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Previously in series: Entangled Photons
(Note: So that this post can be read by people who haven't followed the whole series, I shall temporarily adopt some more standard and less accurate terms; for example, talking about "many worlds" instead of "decoherent blobs of amplitude".)
The legendary Bayesian, E. T. Jaynes, began his life as a physicist. In some of his writings, you can find Jaynes railing against the idea that, because we have not yet found any way to predict quantum outcomes, they must be "truly random" or "inherently random".
Sure, today you don't know how to predict quantum measurements. But how do you know, asks Jaynes, that you won't find a way to predict the process tomorrow? How can any mere experiments tell us that we'll never be able to predict something—that it is "inherently unknowable" or "truly random"?
As far I can tell, Jaynes never heard about decoherence aka Many-Worlds, which is a great pity. If you belonged to a species with a brain like a flat sheet of paper that sometimes split down its thickness, you could reasonably conclude that you'd never be able to "predict" whether you'd "end up" in the left half or the right half. Yet is this really ignorance? It is a deterministic fact that different versions of you will experience different outcomes.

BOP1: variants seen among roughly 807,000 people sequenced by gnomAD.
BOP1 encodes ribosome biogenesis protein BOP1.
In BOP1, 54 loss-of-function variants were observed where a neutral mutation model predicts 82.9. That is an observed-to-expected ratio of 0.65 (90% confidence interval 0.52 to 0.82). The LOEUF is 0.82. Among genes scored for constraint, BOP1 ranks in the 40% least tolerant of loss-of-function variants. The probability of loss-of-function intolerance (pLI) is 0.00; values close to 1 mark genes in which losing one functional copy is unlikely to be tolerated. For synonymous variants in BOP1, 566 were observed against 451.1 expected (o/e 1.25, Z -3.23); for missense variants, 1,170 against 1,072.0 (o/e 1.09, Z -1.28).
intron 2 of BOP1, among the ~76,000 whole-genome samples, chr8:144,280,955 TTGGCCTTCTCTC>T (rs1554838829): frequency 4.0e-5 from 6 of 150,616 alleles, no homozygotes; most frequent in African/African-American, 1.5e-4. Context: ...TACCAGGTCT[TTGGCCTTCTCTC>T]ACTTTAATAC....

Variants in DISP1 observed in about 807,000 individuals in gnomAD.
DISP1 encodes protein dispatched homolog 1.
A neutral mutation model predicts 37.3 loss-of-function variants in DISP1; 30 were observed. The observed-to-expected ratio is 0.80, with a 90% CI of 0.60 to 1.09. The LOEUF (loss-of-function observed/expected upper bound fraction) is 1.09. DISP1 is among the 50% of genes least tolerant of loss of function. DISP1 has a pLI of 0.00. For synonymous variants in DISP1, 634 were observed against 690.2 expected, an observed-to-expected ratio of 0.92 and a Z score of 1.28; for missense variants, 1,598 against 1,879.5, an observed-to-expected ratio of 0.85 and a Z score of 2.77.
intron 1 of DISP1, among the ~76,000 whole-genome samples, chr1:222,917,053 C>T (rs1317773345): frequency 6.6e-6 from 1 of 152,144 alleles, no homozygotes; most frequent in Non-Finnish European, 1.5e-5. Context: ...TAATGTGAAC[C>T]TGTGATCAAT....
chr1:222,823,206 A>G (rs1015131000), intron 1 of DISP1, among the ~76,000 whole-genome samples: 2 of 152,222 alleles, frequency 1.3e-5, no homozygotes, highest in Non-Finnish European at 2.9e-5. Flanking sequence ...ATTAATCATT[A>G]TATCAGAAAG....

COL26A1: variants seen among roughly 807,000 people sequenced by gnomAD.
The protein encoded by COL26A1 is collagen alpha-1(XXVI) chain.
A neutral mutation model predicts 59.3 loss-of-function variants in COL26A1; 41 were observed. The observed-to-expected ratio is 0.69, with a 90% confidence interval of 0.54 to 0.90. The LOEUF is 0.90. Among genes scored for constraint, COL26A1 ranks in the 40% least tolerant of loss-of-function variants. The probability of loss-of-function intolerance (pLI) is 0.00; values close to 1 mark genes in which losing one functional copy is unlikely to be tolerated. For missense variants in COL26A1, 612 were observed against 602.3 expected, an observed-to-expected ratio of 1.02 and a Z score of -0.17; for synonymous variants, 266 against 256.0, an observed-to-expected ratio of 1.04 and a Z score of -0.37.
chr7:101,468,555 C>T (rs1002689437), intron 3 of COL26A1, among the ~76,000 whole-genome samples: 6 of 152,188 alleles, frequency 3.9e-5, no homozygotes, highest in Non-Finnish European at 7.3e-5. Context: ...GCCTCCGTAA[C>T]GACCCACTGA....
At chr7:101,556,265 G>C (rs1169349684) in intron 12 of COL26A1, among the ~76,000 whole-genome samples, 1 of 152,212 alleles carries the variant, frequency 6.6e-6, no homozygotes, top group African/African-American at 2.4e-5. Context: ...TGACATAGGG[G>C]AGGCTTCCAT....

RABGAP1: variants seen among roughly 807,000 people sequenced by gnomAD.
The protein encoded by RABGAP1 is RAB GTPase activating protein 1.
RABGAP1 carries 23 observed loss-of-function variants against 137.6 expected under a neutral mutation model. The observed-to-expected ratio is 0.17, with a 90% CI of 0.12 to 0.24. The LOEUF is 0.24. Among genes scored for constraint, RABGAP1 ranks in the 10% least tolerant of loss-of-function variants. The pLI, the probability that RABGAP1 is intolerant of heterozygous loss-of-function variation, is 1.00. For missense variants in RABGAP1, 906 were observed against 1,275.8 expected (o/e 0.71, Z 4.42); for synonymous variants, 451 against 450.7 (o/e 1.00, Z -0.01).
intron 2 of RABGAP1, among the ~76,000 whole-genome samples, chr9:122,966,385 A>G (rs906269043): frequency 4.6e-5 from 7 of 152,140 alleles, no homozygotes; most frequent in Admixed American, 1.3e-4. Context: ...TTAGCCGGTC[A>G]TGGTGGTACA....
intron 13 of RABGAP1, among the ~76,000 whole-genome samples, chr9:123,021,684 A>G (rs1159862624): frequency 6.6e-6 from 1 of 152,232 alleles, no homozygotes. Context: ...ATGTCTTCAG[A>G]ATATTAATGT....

But even if you don't know about Many-Worlds, there's still an excellent reply for "Why do you think you'll never be able to predict what you'll see when you measure a quantum event?" This reply is known as Bell's Theorem.
In 1935, Einstein, Podolsky, and Rosen once argued roughly as follows:
Suppose we have a pair of entangled particles, light-years or at least light-minutes apart, so that no signal can possibly travel between them over the timespan of the experiment. We can suppose these are polarized photons with opposite polarizations.
Polarized filters block some photons, and absorb others; this lets us measure a photon's polarization in a given orientation. Entangled photons (with the right kind of entanglement) are always found to be polarized in opposite directions, when you measure them in the same orientation; if a filter at a certain angle passes photon A (transmits it) then we know that a filter at the same angle will block photon B (absorb it).
Now we measure one of the photons, labeled A, and find that it is transmitted by a 0° polarized filter. Without measuring B, we can now predict with certainty that B will be absorbed by a 0° polarized filter, because A and B always have opposite polarizations when measured in the same basis.
"If, without in any way disturbing a system, we can predict with certainty (i.e., with probability equal to unity) the value of a physical quantity, then there exists an element of physical reality corresponding to this physical quantity."
EPR then assumed (correctly!) that nothing which happened at A could disturb B or exert any influence on B, due to the spacelike separations of A and B. We'll take up the relativistic viewpoint again tomorrow; for now, let's just note that this assumption is correct.